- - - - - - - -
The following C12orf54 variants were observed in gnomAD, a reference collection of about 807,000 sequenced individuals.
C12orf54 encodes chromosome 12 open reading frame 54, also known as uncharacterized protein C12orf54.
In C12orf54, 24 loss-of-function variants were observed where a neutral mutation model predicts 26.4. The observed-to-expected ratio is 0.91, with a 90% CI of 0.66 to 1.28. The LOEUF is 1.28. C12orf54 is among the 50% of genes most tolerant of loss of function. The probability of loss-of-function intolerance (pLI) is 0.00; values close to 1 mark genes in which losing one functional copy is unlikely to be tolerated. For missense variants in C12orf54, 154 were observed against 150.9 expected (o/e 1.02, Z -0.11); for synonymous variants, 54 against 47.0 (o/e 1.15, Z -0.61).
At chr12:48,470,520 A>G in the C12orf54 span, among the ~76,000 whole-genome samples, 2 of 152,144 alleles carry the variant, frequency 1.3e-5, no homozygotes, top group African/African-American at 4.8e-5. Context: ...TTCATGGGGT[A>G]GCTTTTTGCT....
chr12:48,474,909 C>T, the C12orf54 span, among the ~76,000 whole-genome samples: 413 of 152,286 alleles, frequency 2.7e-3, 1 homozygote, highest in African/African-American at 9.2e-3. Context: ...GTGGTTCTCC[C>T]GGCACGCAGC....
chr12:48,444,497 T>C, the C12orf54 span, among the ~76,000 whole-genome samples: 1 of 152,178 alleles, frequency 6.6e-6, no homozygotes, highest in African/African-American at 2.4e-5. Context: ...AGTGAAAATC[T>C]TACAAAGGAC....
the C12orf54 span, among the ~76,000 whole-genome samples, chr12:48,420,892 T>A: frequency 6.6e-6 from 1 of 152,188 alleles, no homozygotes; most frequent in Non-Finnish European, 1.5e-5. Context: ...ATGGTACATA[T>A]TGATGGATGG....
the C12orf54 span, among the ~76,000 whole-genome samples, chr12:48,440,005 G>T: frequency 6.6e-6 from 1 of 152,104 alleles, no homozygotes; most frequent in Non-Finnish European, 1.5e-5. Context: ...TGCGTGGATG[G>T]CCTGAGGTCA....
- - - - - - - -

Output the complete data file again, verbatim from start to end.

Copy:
The following C12orf54 variants were observed in gnomAD, a reference collection of about 807,000 sequenced individuals.
C12orf54 encodes chromosome 12 open reading frame 54, also known as uncharacterized protein C12orf54.
In C12orf54, 24 loss-of-function variants were observed where a neutral mutation model predicts 26.4. The observed-to-expected ratio is 0.91, with a 90% CI of 0.66 to 1.28. The LOEUF is 1.28. C12orf54 is among the 50% of genes most tolerant of loss of function. The probability of loss-of-function intolerance (pLI) is 0.00; values close to 1 mark genes in which losing one functional copy is unlikely to be tolerated. For missense variants in C12orf54, 154 were observed against 150.9 expected (o/e 1.02, Z -0.11); for synonymous variants, 54 against 47.0 (o/e 1.15, Z -0.61).
At chr12:48,470,520 A>G in the C12orf54 span, among the ~76,000 whole-genome samples, 2 of 152,144 alleles carry the variant, frequency 1.3e-5, no homozygotes, top group African/African-American at 4.8e-5. Context: ...TTCATGGGGT[A>G]GCTTTTTGCT....
chr12:48,474,909 C>T, the C12orf54 span, among the ~76,000 whole-genome samples: 413 of 152,286 alleles, frequency 2.7e-3, 1 homozygote, highest in African/African-American at 9.2e-3. Context: ...GTGGTTCTCC[C>T]GGCACGCAGC....
chr12:48,444,497 T>C, the C12orf54 span, among the ~76,000 whole-genome samples: 1 of 152,178 alleles, frequency 6.6e-6, no homozygotes, highest in African/African-American at 2.4e-5. Context: ...AGTGAAAATC[T>C]TACAAAGGAC....
the C12orf54 span, among the ~76,000 whole-genome samples, chr12:48,420,892 T>A: frequency 6.6e-6 from 1 of 152,188 alleles, no homozygotes; most frequent in Non-Finnish European, 1.5e-5. Context: ...ATGGTACATA[T>A]TGATGGATGG....
the C12orf54 span, among the ~76,000 whole-genome samples, chr12:48,440,005 G>T: frequency 6.6e-6 from 1 of 152,104 alleles, no homozygotes; most frequent in Non-Finnish European, 1.5e-5. Context: ...TGCGTGGATG[G>T]CCTGAGGTCA....